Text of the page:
[Note: The Parkmore Institute has asked several of its Faculty to contribute lists of 10 or 12 books that they consider essential reading in their field.  This first contribution comes from Professor Jerry Gargiulo, who is himself the author of several important and award-winning books on psychoanalysis.  In formulating this list, he was deliberately asked not to include exclude the writings of Freud and Klein, and to take them as if they had been “already read”]

Dr Gargiulo writes: “After forty five years of psychoanalytic practice, it is not a particularly easy task to pick out ten books that I believe are singularly important for anyone wishing to understand psychoanalysis ‑‑‑ as a theory of the mind, a cultural critique and a therapeutic practice. I will inevitably leave out some essential texts out (e.g., the works of Sándor Ferenczi and Otto Fenichel). I read many of the books I have listed many years ago. Yet they were formative of my thinking in a foundational way.”

Ernest Becker … The Denial of Death
It has been many years since I read this text and yet the reality of his thesis and the need humans have to both deny death and to accept the reality of death, if they are going to live a full life, constantly reverberates within me. This text is essential reading for anyone wishing to know the human condition both in our desires and our denials.

Norman O. Brown … Love’s Body
This is basically a philosophical text reflecting on the human condition – body and soul – mind and matter ‑‑‑ and as such stimulated my thinking ‑‑‑ from a psychoanalytic, spiritual and philosophical perspective. Actually his prior text Life Against Death (the psychoanalytic meaning of history) is a necessary prelude ‑‑‑ both texts should be ready together. Psychoanalysis is equally a critique of as well as a new model by which to encounter culture.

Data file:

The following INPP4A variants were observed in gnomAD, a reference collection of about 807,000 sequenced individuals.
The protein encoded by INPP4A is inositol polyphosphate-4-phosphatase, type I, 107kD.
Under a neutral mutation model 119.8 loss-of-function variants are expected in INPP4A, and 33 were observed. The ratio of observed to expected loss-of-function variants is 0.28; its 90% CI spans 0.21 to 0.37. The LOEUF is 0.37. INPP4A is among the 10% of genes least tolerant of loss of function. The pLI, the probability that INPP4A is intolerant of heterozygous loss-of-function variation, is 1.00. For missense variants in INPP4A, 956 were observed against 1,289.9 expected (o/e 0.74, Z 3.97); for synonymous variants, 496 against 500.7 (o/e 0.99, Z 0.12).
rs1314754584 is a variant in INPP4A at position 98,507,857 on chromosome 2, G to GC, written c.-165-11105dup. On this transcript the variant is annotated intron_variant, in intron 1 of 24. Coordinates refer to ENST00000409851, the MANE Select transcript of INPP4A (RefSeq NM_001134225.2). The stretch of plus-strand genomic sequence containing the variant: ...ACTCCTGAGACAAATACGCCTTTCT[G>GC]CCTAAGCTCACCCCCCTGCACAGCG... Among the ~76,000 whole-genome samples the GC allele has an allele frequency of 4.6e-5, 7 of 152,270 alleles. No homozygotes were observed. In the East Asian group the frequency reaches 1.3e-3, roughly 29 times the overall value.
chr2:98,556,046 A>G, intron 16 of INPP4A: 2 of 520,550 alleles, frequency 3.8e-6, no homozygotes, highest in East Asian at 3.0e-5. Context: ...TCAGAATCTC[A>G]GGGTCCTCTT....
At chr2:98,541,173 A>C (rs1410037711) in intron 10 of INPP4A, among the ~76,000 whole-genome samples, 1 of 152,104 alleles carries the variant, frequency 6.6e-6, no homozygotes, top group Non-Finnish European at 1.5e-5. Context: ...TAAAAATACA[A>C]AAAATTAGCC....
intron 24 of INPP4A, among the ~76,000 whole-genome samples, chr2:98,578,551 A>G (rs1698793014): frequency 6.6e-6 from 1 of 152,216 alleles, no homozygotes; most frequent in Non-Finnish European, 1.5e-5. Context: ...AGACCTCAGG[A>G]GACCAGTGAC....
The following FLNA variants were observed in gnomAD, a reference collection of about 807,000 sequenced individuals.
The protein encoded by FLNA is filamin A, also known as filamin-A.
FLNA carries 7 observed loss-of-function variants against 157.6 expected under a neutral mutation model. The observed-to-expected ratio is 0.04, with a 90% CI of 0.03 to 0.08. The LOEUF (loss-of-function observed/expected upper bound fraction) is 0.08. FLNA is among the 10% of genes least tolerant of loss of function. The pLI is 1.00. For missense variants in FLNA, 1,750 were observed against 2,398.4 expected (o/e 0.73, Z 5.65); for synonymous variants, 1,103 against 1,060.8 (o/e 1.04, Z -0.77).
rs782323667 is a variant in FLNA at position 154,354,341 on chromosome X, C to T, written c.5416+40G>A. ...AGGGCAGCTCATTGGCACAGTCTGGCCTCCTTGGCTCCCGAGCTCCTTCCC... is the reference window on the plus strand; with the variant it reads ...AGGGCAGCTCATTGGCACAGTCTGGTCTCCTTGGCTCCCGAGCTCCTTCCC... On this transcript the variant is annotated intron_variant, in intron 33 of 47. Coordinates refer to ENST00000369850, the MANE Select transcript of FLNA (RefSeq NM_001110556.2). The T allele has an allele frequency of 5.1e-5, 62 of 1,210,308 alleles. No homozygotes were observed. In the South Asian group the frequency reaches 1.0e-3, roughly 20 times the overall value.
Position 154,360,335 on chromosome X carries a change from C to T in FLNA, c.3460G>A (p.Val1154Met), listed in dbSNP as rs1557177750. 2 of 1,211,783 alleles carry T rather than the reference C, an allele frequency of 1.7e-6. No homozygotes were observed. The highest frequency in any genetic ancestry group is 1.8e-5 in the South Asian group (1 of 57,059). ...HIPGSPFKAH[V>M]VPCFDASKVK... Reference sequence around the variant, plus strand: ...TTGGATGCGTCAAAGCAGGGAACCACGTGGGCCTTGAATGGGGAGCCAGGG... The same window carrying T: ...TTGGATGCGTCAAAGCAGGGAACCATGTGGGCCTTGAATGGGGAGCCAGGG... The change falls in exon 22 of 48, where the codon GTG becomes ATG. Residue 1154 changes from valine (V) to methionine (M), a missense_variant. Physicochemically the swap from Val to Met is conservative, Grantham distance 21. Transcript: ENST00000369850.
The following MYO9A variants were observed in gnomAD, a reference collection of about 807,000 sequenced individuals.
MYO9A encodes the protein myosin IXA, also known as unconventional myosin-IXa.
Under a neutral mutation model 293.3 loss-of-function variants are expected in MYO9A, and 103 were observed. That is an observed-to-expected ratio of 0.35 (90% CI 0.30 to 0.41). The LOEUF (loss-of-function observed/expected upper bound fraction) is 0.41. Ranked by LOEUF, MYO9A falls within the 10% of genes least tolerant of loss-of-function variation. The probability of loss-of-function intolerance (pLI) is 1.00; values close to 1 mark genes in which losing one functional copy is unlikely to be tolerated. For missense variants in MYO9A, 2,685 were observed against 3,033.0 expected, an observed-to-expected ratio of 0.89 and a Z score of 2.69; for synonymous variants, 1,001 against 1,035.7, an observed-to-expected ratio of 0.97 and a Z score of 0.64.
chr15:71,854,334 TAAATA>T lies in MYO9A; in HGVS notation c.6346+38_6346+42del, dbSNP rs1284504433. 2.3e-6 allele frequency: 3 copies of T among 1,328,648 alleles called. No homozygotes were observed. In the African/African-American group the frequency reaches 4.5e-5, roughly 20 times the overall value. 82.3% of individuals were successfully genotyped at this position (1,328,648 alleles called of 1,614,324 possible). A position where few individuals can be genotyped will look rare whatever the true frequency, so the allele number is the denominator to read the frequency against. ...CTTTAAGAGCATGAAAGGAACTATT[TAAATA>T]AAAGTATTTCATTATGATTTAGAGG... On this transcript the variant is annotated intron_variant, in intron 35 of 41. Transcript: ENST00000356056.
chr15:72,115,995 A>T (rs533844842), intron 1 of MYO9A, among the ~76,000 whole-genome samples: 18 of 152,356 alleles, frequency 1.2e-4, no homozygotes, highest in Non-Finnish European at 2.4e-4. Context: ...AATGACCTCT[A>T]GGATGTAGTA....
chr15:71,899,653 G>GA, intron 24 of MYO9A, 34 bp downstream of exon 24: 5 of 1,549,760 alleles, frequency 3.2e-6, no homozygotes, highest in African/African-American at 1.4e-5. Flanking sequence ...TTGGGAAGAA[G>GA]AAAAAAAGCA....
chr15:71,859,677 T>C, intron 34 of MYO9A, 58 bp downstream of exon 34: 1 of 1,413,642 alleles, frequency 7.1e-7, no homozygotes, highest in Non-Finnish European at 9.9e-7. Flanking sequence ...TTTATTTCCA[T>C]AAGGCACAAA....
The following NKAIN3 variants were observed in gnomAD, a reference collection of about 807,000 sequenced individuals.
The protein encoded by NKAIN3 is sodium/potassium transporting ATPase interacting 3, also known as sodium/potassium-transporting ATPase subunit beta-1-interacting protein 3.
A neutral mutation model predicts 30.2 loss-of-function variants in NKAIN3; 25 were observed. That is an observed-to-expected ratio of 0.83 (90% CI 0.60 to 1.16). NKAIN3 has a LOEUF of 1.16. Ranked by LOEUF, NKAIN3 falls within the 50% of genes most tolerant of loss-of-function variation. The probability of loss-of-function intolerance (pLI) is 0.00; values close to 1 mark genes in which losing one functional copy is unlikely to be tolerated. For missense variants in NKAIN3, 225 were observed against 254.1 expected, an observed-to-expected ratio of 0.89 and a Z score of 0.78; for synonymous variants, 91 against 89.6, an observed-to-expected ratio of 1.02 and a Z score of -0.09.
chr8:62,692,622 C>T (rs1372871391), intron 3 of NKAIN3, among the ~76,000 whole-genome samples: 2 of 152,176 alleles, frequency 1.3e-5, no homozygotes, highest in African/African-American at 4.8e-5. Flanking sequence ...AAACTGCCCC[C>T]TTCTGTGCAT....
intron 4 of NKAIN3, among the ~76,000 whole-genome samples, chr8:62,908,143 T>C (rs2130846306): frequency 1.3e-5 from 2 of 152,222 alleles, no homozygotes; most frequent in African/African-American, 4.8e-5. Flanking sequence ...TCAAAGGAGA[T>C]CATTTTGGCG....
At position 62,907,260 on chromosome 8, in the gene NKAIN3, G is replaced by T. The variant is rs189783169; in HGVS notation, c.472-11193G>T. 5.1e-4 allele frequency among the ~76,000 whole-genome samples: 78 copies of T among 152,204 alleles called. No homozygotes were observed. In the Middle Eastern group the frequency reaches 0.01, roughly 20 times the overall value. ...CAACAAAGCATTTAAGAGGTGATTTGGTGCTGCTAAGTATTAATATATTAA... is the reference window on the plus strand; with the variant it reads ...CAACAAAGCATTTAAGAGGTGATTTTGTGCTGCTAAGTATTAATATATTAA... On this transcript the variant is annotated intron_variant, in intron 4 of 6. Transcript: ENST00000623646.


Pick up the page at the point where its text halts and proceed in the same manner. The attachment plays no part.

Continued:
Eric Erikson … Childhood and Society
Erickson addresses the need to recognize the full range of developmental stages of human experience. Early psychoanalytic thought focused on early events of life. Erikson counterbalances that approach. His appreciation of the social influences on human development is an essential complement to classical theory.

Herbert Fingarette … The Self in Transformation
What I mentioned about Brown’s work is even applicable with this text. This is a masterful synthesis and discussion of philosophy, psychoanalysis, Eastern thought (Hindu and Buddhist) and is a deeply engaging inquiry into the human condition and its many desires.

George Makari … Revolution in Mind
Makari situates the beginning of psychoanalysis within the cultural and educational world in which Freud lived; he critically examinessuchinfluencesand examines how they contributed to Freud’s thinking. Both a psychoanalyst and historian Makari re-creates  the vitality of the early psychoanalytic movement – both in the major players as well as the developing theory.I found this text informative and very enjoyable.

Theodore Reik … Listening with the Third Ear
This is a masterful text that shows how we humans are connected to each other and how, by being attuned to our deepestlevels, a person isbetter able to know him or herself. Reik’s use of the unconscious and its availability as the major avenue of working with patients was in strong contrast to the technical rigidity that was poplar at the time he wrote. It is still an essential text to read for anyone wishing to understand psychoanalysis.

Paul Ricoeur … Freud and Philosophy
Freud is more fully appreciated when one knows the philosophical currents and traditions from which he benefited as well as contributed to. Ricoeur reads Freud’s thought through the lens of a philosopher and thereby offers the reader a non-clinical framework for engaging Freud.

François Roustang … Dire Mastery
This work is a study in discipleship within the Freudian and Lacanian schools. Roustang discusses the damage of collecting disciplines and perpetuating the student/master relationship. Discipleship hinders originality and creativity ‑‑‑ unfortunately psychoanalysis still suffers from such a mindset in the perpetuation of its many different schools.

Donald W. Winnicott … The Maturational Process and the Facilitating Environment
The collected essays in this text almost defy summation; they present DWW’s major contributions to understanding the human condition, child development and productive therapeutic intervention.

Donald W. Winnicott … Playing and Reality
All of Winnicott’s writings are basic to appreciating both the human growth process as well as the delicacy of intervening to help that growth process. I sometimes refer to this text as DWW’s final will and testament.